Maritime crime in Mexico on the rise

Gulf of Mexico. Credit: NASA

A drastic increase in attacks off the coast of Mexico, along with a change in targets from stationary platforms to vessels, and poor socioeconomic conditions, could make the Mexican gulf one to watch when it comes to maritime crime.

According to reports from the US Marine Administration (MARAD), there were four incidents of armed robbery between the 4 and 14 April 2020 alone. This is a 300% increase compared to data from the International Maritime Bureau Piracy Reporting Centre, which shows only one incident for the whole of 2019. Although the number of incidents may appear small, the increase was cause enough for concern for both MARAD and Gard P&I Club to release security alerts for vessels transiting the region.

The security alerts from Gard and MARAD suggested that the spike in attacks could be in part due to better incident reporting in Mexico. When approached by SAS for comment, a representative from the Intelligence and Operations Centre (IOC) at the Norwegian Shipowners’ Mutual Warrisks Insurance Association, agreed that the area had previously been a “black spot” for piracy attack reporting. However, both the IOC and Guy Wilson- Roberts, senior analyst Risk Intelligence, agreed that better reporting was not the main reason behind the uptick in attacks. Instead they stated that the increase in attacks may be due to a change in criminal patterns and the modus operandi of the perpetrators.

Wilson-Roberts explained that the attacks taking place in the Gulf of Mexico are off two major oil service ports of Ciudad Del Carmen and Puerto Dos Bocas. The attackers target their robbery attempts on these areas as there are an estimated 100 offshore oil and drilling platforms. Previously, perpetrators would concentrate on stealing rig equipment to re-sell on the black market, noted Wilson-Roberts. “The significant change we have seen in 2020 is that they are increasingly targeting manned vessels or accommodation rigs etc rather than unmanned platforms, which were the preferred targets during 2019,” said the IOC. “As for what they are stealing, it is any type of valuables onboard, including personal effects among the crew, lap-tops, phones and jewellery”. This change seems to indicate that these items are easier to sell on the black market or are currently more profitable.

Little is known about the identity of the perpetrators of these robberies, largely because none have been caught despite the presence of a naval base in neighbouring Frontera, and naval forces responding to attacks in the area. However, they have been seen to arrive on speedboats in small numbers. “The perpetrators are mariners themselves and have often originated from maritime communities where there is a high degree of seafaring knowledge and ready access to resources,” Munro Anderson, partner Dryad Global, told SAS. The IOC concurred, putting forward that rather than being in relation to Mexican drug cartels, the perpetrators are most likely disgruntled locals who are currently suffering the negative impacts of the downturn of the oil and local fishing industries.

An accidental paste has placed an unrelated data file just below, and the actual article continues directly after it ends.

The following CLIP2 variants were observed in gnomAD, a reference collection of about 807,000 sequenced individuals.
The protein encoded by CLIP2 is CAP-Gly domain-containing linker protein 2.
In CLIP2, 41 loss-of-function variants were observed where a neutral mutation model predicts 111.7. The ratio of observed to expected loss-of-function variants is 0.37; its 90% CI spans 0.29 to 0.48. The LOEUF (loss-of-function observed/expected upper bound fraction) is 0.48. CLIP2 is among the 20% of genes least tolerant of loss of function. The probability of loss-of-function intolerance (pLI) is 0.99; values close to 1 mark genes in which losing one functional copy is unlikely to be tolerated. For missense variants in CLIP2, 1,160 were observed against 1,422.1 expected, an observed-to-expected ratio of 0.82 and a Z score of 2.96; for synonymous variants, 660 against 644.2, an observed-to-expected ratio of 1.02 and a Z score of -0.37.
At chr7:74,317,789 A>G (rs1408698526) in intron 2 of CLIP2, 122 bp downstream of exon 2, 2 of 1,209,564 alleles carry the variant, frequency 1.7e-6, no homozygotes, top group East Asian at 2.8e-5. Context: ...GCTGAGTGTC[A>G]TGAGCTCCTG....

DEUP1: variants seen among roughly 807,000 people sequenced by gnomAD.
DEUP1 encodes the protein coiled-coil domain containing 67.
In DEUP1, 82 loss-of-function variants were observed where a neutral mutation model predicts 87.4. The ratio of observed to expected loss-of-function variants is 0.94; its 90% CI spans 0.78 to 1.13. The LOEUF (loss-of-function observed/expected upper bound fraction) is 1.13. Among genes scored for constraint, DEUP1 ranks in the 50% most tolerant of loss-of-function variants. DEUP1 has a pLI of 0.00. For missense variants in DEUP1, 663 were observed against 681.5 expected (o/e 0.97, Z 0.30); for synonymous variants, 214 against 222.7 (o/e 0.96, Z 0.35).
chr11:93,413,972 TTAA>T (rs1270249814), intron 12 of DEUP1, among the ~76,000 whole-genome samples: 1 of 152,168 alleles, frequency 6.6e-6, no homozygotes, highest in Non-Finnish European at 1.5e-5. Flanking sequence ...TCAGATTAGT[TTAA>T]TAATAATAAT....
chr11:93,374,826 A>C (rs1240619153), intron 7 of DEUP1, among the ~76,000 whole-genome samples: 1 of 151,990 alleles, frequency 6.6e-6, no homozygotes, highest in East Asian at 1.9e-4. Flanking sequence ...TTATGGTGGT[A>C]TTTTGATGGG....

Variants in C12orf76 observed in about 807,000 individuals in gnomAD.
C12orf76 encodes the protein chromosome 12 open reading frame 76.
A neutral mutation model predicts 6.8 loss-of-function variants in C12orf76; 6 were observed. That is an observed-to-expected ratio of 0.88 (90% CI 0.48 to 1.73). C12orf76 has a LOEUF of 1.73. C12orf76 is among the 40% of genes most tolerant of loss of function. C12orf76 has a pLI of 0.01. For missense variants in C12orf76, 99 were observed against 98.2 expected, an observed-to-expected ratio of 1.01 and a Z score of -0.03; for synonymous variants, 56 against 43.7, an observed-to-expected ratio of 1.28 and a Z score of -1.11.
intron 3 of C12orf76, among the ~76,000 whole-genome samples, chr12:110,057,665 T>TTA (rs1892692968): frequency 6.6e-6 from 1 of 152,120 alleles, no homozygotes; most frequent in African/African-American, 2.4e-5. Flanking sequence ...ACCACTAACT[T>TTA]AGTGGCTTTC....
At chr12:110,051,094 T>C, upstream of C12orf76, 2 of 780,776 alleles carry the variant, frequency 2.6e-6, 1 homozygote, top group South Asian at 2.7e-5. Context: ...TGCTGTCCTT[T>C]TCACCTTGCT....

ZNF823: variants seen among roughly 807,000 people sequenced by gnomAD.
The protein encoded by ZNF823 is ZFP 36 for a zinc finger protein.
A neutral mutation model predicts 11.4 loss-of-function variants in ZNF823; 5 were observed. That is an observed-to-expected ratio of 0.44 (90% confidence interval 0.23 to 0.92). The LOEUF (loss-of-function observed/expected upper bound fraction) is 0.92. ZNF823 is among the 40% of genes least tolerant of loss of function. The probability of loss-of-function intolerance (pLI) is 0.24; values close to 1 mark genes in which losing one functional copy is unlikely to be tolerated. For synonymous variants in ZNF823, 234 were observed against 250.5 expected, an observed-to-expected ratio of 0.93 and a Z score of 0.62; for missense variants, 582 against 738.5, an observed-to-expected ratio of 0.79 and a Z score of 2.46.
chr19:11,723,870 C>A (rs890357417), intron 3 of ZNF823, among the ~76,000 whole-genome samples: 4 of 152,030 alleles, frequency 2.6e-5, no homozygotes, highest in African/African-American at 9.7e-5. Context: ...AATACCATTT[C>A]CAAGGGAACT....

Wilson-Roberts noted that the Campeche province, where Ciudad del Carmen is situated, has the lowest reported levels of cartel activity in all of Mexico. “We see no real link to cartel activity. Geographically, there is little cartel activity in the vicinity of the main incident locations,” said Anderson. What is cause for concern is that the attackers boarding the vessels are armed, raising concerns for crew safety in future attacks. According to Wilson-Roberts, on reviewing camera footage from one of the vessels involved in the robberies this year, the attackers were masked and armed with handguns and were seen intimidating crew. There were also reports of shots being fired after vessels were boarded.

Comparing Mexico’s situation to previous piracy incidents in West Africa, Anderson stated that Dryad Global has yet to see a concerted effort, on behalf of the attackers, to make kidnap and ransom part of the agenda.

However, there are certain similarities with the situation in West Africa. Mexico, like in West Africa, is experiencing an economic downturn and drop in oil prices, exacerbated by a lack of global oil demand due to COVID-19. This could explain the change in modus operandi and rise in attacks in Mexico, and the rise in crew kidnaps in West Africa.

According to global risk and strategic consulting firm Control Risks Mexico is a kidnap-for-ransom (KNR) global hotspot on land, affecting not only nationals but travelers and tourists. Nigeria too shares this title. It may be only a matter of time that the perpetrators of these vessel attacks switch from stealing crew valuables and electronics, to kidnapping crew as a more valuable commodity. “They [the attackers] are heavily armed and have been known to take crew as hostages during incidents in order to ensure compliance,” warned the IOC.

While there is a risk that KNR could migrate from land to sea, Hans Tino Hansen, CEO Risk Intelligence, pointed out KNR is harder at sea than on land and as more vessels are attacked they may increase self-protection measures like in Somalia or the Gulf of Guinea. Finally, government intervention is also a factor; law enforcement and naval forces could combat the rising threat if it goes against Mexican national interests, Hansen suggested. “The whole range of components will determine the risk/reward ratio for the kidnappers, which may increase or decrease their motivation to up the game with maritime kidnappings,” concluded Hansen.